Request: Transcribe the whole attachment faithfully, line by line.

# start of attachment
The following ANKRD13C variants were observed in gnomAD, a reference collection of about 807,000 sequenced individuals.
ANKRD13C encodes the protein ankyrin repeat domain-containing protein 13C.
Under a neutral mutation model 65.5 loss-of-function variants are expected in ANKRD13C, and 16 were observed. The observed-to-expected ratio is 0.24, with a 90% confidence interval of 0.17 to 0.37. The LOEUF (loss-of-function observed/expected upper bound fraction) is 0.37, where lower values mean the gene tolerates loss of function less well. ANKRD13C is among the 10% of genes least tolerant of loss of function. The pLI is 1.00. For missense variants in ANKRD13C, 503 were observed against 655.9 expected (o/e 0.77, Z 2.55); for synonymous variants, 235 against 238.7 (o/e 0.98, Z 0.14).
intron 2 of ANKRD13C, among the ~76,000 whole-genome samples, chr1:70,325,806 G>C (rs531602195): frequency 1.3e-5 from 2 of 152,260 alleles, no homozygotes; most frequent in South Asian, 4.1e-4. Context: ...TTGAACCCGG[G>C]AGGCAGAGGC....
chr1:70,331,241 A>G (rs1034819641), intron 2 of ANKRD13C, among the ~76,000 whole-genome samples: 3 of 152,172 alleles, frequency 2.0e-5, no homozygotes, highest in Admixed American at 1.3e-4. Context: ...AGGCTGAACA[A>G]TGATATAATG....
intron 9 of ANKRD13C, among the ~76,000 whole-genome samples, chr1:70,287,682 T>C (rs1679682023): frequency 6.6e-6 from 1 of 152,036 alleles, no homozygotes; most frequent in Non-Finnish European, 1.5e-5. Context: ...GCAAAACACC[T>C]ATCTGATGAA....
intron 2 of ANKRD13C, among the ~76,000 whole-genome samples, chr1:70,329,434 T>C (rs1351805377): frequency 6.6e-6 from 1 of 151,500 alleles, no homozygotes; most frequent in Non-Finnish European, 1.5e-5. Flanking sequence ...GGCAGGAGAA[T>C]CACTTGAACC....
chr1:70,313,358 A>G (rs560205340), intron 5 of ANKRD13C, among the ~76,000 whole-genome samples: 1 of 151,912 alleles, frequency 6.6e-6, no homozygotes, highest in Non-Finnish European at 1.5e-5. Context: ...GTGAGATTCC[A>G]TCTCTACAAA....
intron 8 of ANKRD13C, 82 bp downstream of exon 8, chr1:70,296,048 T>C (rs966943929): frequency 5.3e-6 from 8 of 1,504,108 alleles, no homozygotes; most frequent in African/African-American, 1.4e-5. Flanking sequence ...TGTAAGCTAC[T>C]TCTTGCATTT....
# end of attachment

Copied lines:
The following ANKRD13C variants were observed in gnomAD, a reference collection of about 807,000 sequenced individuals.
ANKRD13C encodes the protein ankyrin repeat domain-containing protein 13C.
Under a neutral mutation model 65.5 loss-of-function variants are expected in ANKRD13C, and 16 were observed. The observed-to-expected ratio is 0.24, with a 90% confidence interval of 0.17 to 0.37. The LOEUF (loss-of-function observed/expected upper bound fraction) is 0.37, where lower values mean the gene tolerates loss of function less well. ANKRD13C is among the 10% of genes least tolerant of loss of function. The pLI is 1.00. For missense variants in ANKRD13C, 503 were observed against 655.9 expected (o/e 0.77, Z 2.55); for synonymous variants, 235 against 238.7 (o/e 0.98, Z 0.14).
intron 2 of ANKRD13C, among the ~76,000 whole-genome samples, chr1:70,325,806 G>C (rs531602195): frequency 1.3e-5 from 2 of 152,260 alleles, no homozygotes; most frequent in South Asian, 4.1e-4. Context: ...TTGAACCCGG[G>C]AGGCAGAGGC....
chr1:70,331,241 A>G (rs1034819641), intron 2 of ANKRD13C, among the ~76,000 whole-genome samples: 3 of 152,172 alleles, frequency 2.0e-5, no homozygotes, highest in Admixed American at 1.3e-4. Context: ...AGGCTGAACA[A>G]TGATATAATG....
intron 9 of ANKRD13C, among the ~76,000 whole-genome samples, chr1:70,287,682 T>C (rs1679682023): frequency 6.6e-6 from 1 of 152,036 alleles, no homozygotes; most frequent in Non-Finnish European, 1.5e-5. Context: ...GCAAAACACC[T>C]ATCTGATGAA....
intron 2 of ANKRD13C, among the ~76,000 whole-genome samples, chr1:70,329,434 T>C (rs1351805377): frequency 6.6e-6 from 1 of 151,500 alleles, no homozygotes; most frequent in Non-Finnish European, 1.5e-5. Flanking sequence ...GGCAGGAGAA[T>C]CACTTGAACC....
chr1:70,313,358 A>G (rs560205340), intron 5 of ANKRD13C, among the ~76,000 whole-genome samples: 1 of 151,912 alleles, frequency 6.6e-6, no homozygotes, highest in Non-Finnish European at 1.5e-5. Context: ...GTGAGATTCC[A>G]TCTCTACAAA....
intron 8 of ANKRD13C, 82 bp downstream of exon 8, chr1:70,296,048 T>C (rs966943929): frequency 5.3e-6 from 8 of 1,504,108 alleles, no homozygotes; most frequent in African/African-American, 1.4e-5. Flanking sequence ...TGTAAGCTAC[T>C]TCTTGCATTT....